The authors advocate for professional education about silence and for more research. Ultimately, their synthesis cannot go beyond the relatively meager body of literature about a phenomenon that "does not lend itself to any definitive interpretation, prescription or significance" [pp. 188, 191]. Their review acts principally as a call for greater attention to "an important element of communication and compassionate care" [p. 194] that can engender experiences that are "comfortable, affirming and safe" but "may also be received as awkward, embarrassing, frustrating or frightening" [p. 191]. And, for silence to be "particularly relevant in the spiritual and existential dimensions of care" [p. 194], there is a marked need for more of a pastoral perspective on the subject, to balance out the psychotherapeutic literature. The observation, for instance, that "[i]t is generally agreed that a strong therapeutic alliance is a pre-requisite for the use of silence" [p. 192] does not seem to take into account the pastoral dynamics that frequently support silence only a short time into chaplains' encounters. This reader would have liked to have seen the principal author's PhD dissertation, which centered on interviews with 15 palliative care chaplains [--see Items of Related Interest, §IV, below] incorporated in the review, but the article was actually submitted for publication prior to the dissertation's completion.

The article's greatest limitation may be that "no experience from an eastern cultural perspective is discussed" [p. 193], though one of the articles out of Pastoral Care "reports the cross-cultural learning experience of a Japanese author who trained and worked as a chaplain in America" [p. 188]. Still, by drawing together articles from diverse disciplines in Western healthcare, the authors champion an interdisciplinary approach. Chaplains should feel encouraged here to utilize such common ground for interdisciplinary discussion, practice, and research on silence.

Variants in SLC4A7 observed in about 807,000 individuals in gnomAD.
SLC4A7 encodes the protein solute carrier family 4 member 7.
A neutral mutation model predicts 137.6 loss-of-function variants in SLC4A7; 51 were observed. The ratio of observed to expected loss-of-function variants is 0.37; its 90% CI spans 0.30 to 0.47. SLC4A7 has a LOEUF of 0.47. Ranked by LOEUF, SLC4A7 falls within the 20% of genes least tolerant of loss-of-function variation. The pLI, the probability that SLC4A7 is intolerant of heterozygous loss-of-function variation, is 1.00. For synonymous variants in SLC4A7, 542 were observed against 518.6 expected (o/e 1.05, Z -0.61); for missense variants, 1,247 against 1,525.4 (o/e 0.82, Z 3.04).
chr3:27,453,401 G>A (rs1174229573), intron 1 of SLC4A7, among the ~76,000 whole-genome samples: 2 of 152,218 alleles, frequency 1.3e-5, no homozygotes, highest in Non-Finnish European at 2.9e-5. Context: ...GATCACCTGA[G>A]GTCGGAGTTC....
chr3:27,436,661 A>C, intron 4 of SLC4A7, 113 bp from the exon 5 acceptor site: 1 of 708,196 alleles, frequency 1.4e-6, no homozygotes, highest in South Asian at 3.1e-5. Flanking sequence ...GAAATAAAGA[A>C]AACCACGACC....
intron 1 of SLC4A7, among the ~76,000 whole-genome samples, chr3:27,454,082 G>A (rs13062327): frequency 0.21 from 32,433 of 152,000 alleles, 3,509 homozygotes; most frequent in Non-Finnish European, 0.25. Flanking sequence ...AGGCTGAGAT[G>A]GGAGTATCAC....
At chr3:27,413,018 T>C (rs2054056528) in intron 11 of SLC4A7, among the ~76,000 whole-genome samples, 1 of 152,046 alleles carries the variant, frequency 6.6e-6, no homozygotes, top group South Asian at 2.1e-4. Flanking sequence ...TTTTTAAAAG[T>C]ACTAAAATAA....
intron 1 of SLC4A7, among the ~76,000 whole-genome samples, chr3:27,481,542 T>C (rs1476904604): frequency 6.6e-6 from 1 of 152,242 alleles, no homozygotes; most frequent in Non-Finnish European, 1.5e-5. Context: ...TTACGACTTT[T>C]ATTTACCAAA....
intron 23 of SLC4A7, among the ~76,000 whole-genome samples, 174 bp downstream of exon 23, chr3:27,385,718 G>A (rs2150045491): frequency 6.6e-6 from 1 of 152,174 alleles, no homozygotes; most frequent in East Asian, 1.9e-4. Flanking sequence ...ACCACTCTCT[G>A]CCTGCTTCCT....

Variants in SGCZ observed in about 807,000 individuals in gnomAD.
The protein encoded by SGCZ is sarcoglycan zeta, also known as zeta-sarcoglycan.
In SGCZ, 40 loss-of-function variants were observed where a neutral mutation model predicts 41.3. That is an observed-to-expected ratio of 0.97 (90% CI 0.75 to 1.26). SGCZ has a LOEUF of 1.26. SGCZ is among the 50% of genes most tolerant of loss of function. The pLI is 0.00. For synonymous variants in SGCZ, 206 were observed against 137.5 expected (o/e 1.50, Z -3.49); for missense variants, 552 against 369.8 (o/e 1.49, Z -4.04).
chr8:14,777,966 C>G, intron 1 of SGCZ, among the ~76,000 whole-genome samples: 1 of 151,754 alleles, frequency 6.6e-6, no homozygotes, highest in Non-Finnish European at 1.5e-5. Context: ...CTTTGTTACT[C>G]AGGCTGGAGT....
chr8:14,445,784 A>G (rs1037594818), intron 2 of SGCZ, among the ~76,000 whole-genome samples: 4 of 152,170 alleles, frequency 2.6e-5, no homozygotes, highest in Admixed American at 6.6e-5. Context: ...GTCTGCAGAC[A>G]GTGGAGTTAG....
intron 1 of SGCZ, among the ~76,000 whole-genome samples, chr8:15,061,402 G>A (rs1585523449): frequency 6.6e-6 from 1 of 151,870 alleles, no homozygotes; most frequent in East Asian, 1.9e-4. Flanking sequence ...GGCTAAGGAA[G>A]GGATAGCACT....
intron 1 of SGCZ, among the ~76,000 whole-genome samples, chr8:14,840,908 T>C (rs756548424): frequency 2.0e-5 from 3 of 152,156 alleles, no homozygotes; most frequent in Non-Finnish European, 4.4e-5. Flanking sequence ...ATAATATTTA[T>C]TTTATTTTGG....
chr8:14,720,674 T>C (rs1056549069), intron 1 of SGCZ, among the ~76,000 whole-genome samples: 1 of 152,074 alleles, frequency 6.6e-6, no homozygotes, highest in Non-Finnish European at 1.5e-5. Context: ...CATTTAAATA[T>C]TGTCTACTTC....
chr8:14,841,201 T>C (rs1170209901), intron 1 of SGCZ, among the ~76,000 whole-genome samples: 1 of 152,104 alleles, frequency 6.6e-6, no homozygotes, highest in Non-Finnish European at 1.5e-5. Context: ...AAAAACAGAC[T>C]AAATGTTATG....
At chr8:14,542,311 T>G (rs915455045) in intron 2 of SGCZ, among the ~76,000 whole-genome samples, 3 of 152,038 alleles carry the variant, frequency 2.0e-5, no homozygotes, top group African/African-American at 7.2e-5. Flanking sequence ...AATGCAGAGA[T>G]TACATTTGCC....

Suggestions for Use of the Article for Student Discussion: 

Our article this month should be quite engaging to all chaplains, but especially to students during their first units of CPE, as they grapple with silence in both patient visitation and in peer group time. Perhaps discussion could begin with the article's brief section on Silence and Anxiety and the observation: "Anxiety may lead to too many words and too little silence, but too much silence [has] also been identified as a source of anxiety..." [p. 191]. How do the students react to the assertion that silence "demands personal courage" [p. 193]? Does this affect the way they may think of the courage to be silent vis-à-vis the courage to speak up? And regarding the pastoral practice of listening, do they try to listen to silences as much as they do to words [--see p. 192]? The article is filled with thought-provoking points, so the group could simply be invited to raise those ideas that particularly stood out. If there are moments of silence in the discussion, then the group could suddenly be invited to think about what is immediately happening. Does the article make a case for concentrating on the subject of silence in clinical pastoral education? If there is an emphasis on palliative care in the group, then the article offers some special thoughts on that context of care. Students interested in research could obviously focus on the methodology sections regarding article selection and analysis [--see pp.186-188]. The article may also be used well with supervisory education students as a review, a resource, and even a challenge to conduct research.